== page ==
Toddlers and preschoolers may be especially prone to tantrums because they do not have the motor, language, or problem-solving skills to work through some of their frustrations on their own. They may have an emerging desire to be independent, without having the skills to actually BE independent. They might have emerging language skills, and thus are unable to communicate what they actually want or need. They may have big feelings, but lack the prefrontal cortex development to emotionally regulate. They may have a growing understanding of the world around them, but also a lot of anxiety about how to move through it.

Tantrums usually only end when a child gets what they want or when they’re rewarded for better behavior.

Meltdowns, on the other hand, only end when the child tires out or the sensory input is altered. They stem from what we sometimes refer to as a “physiological traffic jam” in the central nervous system. There is too much overstimulation and feeling limited in your ability to “exit.” This can trigger a “fight or flight” response.

As parents, therapists, teachers, and caregivers, it’s important to recognize that the behaviors we’re seeing are not controllable behavioral reactions. Rather, they are physiological responses. This is why our Fort Myers ABA therapists and occupational therapists put such emphasis on identifying which is which so that you can appropriately respond.

With tantrums, you need to recognize the motivation or purpose, reinforce positive behavior, and build skills for success.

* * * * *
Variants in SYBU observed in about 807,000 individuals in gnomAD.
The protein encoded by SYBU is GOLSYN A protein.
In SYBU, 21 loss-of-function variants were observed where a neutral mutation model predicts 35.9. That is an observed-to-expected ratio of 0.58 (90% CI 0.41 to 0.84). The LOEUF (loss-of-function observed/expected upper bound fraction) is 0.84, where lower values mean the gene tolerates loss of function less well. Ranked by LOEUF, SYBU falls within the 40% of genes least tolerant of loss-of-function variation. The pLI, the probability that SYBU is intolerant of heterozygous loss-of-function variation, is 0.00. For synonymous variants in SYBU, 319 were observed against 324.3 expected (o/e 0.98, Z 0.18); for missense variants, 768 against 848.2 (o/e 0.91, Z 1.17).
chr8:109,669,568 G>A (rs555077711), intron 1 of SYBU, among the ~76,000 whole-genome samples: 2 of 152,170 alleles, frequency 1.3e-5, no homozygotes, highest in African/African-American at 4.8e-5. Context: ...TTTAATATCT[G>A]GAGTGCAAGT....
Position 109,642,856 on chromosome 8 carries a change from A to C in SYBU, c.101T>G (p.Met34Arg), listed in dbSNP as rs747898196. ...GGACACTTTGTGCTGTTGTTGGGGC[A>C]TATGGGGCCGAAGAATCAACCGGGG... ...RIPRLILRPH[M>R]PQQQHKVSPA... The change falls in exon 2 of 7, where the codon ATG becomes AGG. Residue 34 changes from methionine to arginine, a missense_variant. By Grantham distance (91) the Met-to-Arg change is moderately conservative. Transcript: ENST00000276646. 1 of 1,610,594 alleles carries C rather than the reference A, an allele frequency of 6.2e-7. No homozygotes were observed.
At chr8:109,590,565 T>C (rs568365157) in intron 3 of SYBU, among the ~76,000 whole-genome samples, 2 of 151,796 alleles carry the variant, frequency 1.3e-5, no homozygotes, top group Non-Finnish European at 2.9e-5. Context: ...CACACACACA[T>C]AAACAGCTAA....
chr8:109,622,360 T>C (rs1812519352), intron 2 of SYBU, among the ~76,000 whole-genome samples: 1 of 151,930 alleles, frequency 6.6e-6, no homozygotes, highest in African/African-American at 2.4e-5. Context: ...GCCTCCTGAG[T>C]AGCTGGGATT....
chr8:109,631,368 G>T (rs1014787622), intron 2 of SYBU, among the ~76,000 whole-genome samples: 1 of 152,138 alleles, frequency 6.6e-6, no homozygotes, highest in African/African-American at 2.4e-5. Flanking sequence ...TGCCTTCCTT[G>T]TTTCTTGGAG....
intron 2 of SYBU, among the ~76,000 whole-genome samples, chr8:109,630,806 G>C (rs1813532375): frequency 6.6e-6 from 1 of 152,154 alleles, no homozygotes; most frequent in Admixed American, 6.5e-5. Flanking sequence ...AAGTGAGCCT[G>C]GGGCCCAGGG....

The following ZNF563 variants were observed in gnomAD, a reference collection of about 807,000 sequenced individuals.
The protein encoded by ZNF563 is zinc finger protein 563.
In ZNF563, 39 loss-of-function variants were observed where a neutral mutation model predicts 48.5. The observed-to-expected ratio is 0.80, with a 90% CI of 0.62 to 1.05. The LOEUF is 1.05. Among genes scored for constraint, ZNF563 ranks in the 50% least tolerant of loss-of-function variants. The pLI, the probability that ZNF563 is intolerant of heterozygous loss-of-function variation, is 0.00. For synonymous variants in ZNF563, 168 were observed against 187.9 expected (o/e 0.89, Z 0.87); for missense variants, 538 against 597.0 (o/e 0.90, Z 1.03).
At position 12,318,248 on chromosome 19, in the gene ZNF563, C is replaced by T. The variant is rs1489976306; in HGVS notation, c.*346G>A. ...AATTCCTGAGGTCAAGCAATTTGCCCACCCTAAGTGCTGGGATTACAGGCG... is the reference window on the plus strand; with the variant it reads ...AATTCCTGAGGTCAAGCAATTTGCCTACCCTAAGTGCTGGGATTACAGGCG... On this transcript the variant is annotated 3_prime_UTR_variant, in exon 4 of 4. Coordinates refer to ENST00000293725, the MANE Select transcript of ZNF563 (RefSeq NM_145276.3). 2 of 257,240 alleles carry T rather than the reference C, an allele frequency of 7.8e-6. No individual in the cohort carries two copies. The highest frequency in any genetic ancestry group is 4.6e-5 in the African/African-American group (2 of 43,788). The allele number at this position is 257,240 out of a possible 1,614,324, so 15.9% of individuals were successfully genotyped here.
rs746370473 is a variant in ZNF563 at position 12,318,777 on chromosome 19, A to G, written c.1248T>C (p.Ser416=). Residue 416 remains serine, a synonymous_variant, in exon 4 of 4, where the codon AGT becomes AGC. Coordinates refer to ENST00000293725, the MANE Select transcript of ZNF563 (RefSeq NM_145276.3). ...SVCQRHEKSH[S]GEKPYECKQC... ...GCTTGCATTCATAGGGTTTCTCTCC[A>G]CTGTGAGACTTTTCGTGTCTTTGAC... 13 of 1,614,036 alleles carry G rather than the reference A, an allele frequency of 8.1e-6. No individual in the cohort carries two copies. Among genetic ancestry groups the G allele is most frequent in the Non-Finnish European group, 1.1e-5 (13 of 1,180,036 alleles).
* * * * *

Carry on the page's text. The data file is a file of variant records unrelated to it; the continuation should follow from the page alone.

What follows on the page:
Meltdowns, however, can sometimes be avoided when we use visual schedules, social stories, and checklists to help kids know what is expected. There are no surprises or question marks. Reducing the unexpected changes in routine is going to reduce the overall stress that can trigger a meltdown.

We also recommend routine sensory diet activities, like scheduling quiet time or offering them breaks for sensory input.

Parents and teachers should also be able to recognize signs of a child’s distress. This could be covering their ears or rocking back-and-forth or humming or bolting from the room. Once you are able to quickly recognize the signs of overstimulation, you can respond to help them regulate before reaching the meltdown stage.

FOCUS offers pediatric ABA therapy in Fort Myers and throughout Southwest Florida. Call (239) 313.5049 orΒ Contact UsΒ online.

Additional Resources:

Expert Ways to Help Tame Tantrums and Manage Meltdowns, June 18, 2021, By Alescia Ford-Lanza, MS, OTR/L, ATP, Autism Parenting Magazine

More Blog Entries:

Study: Less than 1/2 Kids With Autism Undergo Early Intervention Therapy, July 30, 2022, FOCUS ABA Therapy Blog

Fort Myers speech therapist

Fort Myers Speech Therapist Tips for Kids Who Struggle With “Inside Voices”